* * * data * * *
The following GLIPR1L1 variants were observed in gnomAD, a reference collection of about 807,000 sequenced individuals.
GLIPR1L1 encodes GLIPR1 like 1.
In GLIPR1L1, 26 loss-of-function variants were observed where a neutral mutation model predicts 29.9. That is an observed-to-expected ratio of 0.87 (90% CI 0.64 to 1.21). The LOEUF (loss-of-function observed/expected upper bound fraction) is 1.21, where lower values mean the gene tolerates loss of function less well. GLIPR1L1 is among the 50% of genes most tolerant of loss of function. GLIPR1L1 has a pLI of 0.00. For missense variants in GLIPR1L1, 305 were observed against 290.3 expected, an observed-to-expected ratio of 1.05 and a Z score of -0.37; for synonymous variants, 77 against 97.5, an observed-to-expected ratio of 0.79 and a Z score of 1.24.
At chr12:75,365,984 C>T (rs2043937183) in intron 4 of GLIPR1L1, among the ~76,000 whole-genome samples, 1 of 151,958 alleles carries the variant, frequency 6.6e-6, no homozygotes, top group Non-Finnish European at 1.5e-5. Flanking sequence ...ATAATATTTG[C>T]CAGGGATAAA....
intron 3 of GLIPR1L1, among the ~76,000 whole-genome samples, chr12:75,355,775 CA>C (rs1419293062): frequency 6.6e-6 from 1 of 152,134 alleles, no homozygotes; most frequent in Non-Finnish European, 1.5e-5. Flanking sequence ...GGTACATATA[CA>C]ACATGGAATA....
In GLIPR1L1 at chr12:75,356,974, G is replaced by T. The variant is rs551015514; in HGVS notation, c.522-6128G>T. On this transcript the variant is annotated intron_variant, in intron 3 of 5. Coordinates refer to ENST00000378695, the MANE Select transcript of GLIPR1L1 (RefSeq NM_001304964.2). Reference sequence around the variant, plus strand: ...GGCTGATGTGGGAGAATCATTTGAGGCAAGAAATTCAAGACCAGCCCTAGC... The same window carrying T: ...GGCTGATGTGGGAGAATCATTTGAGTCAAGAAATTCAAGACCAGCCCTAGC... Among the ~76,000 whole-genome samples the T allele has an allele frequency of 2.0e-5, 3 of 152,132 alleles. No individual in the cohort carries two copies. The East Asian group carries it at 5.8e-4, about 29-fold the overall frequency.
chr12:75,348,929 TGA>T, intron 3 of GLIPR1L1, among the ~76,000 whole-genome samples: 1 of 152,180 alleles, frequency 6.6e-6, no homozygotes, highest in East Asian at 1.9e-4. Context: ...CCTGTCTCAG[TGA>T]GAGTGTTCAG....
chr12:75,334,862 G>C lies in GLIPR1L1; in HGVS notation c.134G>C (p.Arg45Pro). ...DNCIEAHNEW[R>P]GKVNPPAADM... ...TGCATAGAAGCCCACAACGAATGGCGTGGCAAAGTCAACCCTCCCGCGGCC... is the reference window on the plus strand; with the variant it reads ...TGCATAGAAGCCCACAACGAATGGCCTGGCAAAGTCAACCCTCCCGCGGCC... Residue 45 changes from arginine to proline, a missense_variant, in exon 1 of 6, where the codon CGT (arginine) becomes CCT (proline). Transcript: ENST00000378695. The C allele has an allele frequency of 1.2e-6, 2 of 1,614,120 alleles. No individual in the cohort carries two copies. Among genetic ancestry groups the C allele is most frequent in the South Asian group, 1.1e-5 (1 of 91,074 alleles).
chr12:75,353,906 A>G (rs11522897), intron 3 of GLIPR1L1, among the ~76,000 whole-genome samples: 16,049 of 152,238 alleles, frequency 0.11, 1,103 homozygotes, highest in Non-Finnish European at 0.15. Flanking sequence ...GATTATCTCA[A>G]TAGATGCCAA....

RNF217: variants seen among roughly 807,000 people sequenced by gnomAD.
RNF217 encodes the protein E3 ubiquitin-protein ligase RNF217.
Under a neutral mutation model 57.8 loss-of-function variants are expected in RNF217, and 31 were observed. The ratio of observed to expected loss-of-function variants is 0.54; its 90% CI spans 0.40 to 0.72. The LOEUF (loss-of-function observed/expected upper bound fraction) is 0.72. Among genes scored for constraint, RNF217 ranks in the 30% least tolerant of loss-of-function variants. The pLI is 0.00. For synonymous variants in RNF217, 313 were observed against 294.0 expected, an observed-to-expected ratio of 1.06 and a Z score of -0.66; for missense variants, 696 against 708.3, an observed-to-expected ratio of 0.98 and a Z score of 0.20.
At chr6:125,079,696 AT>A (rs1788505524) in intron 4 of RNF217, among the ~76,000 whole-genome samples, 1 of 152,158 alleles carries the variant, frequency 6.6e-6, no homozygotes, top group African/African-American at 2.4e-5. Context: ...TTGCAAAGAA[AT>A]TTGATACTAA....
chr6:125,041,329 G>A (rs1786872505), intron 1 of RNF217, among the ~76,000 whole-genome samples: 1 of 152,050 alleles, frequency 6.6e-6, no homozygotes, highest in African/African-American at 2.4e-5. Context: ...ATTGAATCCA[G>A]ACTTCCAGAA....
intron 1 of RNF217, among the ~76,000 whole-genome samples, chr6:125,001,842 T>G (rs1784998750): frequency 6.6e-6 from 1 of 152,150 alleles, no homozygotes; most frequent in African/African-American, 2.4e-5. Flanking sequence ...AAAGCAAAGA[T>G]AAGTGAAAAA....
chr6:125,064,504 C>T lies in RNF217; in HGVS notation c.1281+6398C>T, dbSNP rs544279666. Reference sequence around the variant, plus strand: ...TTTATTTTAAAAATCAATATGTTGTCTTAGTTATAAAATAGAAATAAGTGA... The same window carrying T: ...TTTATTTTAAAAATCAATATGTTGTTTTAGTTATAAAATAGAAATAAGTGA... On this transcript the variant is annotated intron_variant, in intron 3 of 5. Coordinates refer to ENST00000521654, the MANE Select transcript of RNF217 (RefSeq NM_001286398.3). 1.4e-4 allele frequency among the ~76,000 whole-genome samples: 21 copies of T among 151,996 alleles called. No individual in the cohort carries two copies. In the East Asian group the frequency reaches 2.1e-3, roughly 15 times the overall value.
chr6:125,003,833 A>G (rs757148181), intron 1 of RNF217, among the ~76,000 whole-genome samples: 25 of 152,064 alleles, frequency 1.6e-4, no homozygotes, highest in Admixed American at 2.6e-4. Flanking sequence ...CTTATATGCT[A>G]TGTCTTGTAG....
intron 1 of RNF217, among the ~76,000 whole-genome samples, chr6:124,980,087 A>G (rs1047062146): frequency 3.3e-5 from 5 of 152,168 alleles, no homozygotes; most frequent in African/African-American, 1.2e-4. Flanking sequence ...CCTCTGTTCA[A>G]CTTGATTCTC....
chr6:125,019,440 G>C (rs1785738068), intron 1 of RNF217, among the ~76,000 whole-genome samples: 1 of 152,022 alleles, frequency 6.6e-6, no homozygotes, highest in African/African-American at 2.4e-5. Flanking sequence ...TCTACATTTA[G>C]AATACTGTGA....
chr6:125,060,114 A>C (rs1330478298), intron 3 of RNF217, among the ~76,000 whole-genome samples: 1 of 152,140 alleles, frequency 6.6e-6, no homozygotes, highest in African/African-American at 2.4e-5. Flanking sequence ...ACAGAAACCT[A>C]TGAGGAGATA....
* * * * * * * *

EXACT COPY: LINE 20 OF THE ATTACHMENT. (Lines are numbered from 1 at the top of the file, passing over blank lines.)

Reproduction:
chr6:125,060,114 A>C (rs1330478298), intron 3 of RNF217, among the ~76,000 whole-genome samples: 1 of 152,140 alleles, frequency 6.6e-6, no homozygotes, highest in African/African-American at 2.4e-5. Flanking sequence ...ACAGAAACCT[A>C]TGAGGAGATA....